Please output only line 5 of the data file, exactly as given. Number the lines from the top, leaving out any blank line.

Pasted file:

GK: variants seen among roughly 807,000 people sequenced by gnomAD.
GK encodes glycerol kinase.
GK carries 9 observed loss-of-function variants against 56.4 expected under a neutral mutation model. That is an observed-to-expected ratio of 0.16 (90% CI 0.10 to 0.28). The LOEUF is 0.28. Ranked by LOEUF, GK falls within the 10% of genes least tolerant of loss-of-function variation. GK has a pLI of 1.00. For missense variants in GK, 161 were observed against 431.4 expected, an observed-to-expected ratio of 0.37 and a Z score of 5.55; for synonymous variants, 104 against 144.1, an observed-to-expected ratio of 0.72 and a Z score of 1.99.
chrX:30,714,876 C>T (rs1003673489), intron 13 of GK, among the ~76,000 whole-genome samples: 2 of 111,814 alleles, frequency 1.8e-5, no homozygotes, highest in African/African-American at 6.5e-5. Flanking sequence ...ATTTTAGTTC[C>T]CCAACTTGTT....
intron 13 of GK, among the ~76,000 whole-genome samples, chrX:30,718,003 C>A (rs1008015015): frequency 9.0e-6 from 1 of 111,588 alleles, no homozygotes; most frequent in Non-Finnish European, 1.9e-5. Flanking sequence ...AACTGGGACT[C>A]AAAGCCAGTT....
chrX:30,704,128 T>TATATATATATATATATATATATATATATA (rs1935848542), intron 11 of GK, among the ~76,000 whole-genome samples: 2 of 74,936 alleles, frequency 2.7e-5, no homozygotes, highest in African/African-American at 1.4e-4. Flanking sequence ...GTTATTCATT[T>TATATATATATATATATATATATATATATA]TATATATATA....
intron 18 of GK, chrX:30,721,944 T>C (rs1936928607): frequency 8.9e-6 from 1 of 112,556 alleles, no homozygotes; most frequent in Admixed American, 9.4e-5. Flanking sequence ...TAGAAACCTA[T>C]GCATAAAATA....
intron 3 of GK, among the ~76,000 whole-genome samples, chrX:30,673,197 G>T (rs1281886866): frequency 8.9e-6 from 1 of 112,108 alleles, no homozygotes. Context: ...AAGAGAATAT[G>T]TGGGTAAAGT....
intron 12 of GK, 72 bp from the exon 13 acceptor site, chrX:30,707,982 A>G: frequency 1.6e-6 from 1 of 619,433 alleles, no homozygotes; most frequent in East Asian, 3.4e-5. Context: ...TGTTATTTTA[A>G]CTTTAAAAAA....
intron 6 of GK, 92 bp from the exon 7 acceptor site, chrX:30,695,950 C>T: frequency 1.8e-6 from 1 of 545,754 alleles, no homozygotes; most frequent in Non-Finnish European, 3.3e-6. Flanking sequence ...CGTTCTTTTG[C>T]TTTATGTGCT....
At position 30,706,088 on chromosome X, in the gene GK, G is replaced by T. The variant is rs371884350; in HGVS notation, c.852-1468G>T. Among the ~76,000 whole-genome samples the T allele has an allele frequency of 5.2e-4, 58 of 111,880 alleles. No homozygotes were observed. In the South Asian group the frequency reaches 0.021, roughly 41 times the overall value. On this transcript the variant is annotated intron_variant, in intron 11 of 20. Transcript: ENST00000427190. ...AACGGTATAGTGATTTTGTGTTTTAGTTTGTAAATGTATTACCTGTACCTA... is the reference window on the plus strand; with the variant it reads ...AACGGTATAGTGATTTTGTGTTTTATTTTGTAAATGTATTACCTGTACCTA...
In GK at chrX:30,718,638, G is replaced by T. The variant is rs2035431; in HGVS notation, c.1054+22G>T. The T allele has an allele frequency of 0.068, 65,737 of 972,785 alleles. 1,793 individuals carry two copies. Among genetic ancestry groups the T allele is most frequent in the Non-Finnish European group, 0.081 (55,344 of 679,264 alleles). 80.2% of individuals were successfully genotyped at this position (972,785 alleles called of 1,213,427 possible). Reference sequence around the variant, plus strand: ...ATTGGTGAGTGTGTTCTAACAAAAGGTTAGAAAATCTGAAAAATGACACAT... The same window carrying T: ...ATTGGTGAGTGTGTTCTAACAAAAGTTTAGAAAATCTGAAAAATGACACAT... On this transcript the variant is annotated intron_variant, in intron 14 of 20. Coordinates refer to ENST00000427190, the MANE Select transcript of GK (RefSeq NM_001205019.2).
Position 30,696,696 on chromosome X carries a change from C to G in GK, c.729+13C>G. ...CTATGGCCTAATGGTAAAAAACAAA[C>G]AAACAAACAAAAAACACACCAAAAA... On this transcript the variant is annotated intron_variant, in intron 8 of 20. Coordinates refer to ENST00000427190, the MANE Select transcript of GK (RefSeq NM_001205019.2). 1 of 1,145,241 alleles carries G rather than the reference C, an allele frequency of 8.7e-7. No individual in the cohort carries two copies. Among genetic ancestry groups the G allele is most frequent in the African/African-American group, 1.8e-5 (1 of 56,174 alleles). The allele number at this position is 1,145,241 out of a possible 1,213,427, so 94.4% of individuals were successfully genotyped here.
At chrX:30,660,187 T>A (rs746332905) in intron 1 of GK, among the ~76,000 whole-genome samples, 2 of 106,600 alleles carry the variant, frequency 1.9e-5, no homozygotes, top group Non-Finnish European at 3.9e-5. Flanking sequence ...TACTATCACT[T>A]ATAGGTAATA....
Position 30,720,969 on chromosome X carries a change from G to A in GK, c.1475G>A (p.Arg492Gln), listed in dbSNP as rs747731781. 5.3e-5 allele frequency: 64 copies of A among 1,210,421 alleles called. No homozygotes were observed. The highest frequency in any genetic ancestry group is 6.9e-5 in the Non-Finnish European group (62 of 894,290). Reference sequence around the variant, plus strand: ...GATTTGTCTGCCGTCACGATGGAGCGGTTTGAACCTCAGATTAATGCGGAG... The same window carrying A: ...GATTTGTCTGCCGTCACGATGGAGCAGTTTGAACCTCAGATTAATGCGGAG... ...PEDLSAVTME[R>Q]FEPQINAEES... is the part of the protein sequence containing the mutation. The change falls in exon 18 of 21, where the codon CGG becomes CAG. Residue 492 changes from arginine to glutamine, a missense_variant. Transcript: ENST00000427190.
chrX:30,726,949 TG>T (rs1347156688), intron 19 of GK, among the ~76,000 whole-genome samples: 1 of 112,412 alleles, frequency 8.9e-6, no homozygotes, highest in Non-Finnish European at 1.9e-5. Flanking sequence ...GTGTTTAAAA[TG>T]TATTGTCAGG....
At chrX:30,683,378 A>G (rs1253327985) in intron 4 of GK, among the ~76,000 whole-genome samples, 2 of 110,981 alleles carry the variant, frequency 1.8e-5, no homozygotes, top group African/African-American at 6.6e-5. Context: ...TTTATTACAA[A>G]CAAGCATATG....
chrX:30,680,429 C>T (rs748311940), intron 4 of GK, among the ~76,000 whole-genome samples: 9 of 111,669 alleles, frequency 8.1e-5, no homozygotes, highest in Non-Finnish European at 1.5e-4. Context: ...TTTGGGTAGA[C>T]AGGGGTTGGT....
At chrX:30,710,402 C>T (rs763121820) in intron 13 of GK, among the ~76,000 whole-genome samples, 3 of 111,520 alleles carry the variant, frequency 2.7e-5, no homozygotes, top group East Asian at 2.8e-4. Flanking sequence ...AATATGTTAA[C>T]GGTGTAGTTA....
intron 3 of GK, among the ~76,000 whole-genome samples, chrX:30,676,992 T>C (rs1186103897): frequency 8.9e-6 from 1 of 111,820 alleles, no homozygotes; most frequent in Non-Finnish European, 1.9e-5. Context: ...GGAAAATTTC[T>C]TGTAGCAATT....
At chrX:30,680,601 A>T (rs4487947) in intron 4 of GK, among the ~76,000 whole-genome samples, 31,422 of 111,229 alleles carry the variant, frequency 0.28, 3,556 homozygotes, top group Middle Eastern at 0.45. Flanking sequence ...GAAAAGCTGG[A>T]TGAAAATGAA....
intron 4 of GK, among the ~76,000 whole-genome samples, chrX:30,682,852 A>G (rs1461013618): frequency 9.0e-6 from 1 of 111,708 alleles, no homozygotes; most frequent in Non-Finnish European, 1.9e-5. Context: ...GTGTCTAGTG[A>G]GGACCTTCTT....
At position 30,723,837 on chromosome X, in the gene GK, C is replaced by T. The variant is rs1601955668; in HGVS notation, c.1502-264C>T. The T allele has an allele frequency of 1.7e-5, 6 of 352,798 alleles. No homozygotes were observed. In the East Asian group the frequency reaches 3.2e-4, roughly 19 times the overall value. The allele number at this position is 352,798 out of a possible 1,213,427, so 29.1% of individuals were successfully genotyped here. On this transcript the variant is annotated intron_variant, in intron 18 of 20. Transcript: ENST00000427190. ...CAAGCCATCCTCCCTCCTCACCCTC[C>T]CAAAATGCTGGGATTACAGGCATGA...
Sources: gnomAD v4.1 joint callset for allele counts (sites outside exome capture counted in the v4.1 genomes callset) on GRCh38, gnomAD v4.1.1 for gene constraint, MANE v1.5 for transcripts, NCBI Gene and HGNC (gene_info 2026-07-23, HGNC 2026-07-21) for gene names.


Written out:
intron 13 of GK, among the ~76,000 whole-genome samples, chrX:30,718,003 C>A (rs1008015015): frequency 9.0e-6 from 1 of 111,588 alleles, no homozygotes; most frequent in Non-Finnish European, 1.9e-5. Flanking sequence ...AACTGGGACT[C>A]AAAGCCAGTT....